POW/MIA Banner

You are not forgotten. This is the core tenet of our recognition of Prisoners of War (POW) and those Missing in Action (MIA). 


As a nation, we owe it to those who served our country to never stop searching for them and to bring them home. Since World War II, almost 82,000 Americans are still missing from wars and conflicts such as the Korean War, Vietnam War, and Cold War. The efforts of our country to account for these brave men and women remains constant. 

We remember our POW/MIA members through a ceremony at the beginning of formal military functions through setting a table for one.




“As you entered the banquet hall this evening, you may have noticed a small table in a place of  honor. It is set for one. This table is our way of symbolizing the fact that members of our profession of arms are missing from our midst. They are commonly called POWs or MIAs, we  call them "Brothers." They are unable to be with us this evening and so we remember them.


This Table set for one is small ‐‐ Symbolizing the frailty of one prisoner alone against his oppressors … Remember.


The Tablecloth is white ‐‐ Symbolizing the purity of their intentions to respond to their country's call to arms … Remember.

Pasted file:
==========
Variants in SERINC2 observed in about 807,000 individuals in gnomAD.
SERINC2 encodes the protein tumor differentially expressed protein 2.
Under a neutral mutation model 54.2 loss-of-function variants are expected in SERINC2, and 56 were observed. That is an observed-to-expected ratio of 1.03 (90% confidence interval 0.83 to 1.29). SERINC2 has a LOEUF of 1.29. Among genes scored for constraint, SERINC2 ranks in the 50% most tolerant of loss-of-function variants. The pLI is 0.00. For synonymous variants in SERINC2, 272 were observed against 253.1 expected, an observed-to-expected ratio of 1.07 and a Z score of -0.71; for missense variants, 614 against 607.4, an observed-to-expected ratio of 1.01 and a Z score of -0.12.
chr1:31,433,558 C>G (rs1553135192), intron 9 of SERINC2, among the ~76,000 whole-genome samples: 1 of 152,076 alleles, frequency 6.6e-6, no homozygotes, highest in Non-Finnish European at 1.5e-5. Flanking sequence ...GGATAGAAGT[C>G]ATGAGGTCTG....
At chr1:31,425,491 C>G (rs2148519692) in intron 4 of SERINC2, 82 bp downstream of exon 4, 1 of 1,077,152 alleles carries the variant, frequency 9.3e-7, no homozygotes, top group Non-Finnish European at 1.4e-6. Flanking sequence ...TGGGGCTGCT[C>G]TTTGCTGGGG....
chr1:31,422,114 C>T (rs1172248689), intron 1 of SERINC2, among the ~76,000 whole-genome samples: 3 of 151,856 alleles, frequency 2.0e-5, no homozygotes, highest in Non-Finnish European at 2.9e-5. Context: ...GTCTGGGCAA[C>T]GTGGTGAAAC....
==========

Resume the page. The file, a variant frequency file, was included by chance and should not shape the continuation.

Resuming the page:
The single Red Rose displayed in a vase reminds us of the families and loved ones of our comrades‐in‐arms who keep the faith awaiting their return … Remember.


The Yellow Ribbon tied so prominently on the vase is reminiscent of the yellow ribbon worn upon the lapel and breasts of thousands who bear witness to their unyielding determination to demand a proper accounting of our missing … Remember.


The Candle, the candle is lit ‐‐ Symbolizing the upward reach of their unconquerable spirit … Remember.


A Slice of Lemon is on the bread plate to remind us of their bitter fate … Remember.


There is Salt upon the bread plate ‐‐ Symbolic of the families’ tears as they wait … Remember.    


The Glass is inverted ‐‐ They cannot toast with us this night … Remember.    


The Chair – The chair is empty. They are not here … Remember.    


All of you who served with them and called them comrades, who depended upon their might and aid, and relied upon them, for surely, they have not forsaken you … Remember


Until the day they come home … Remember.”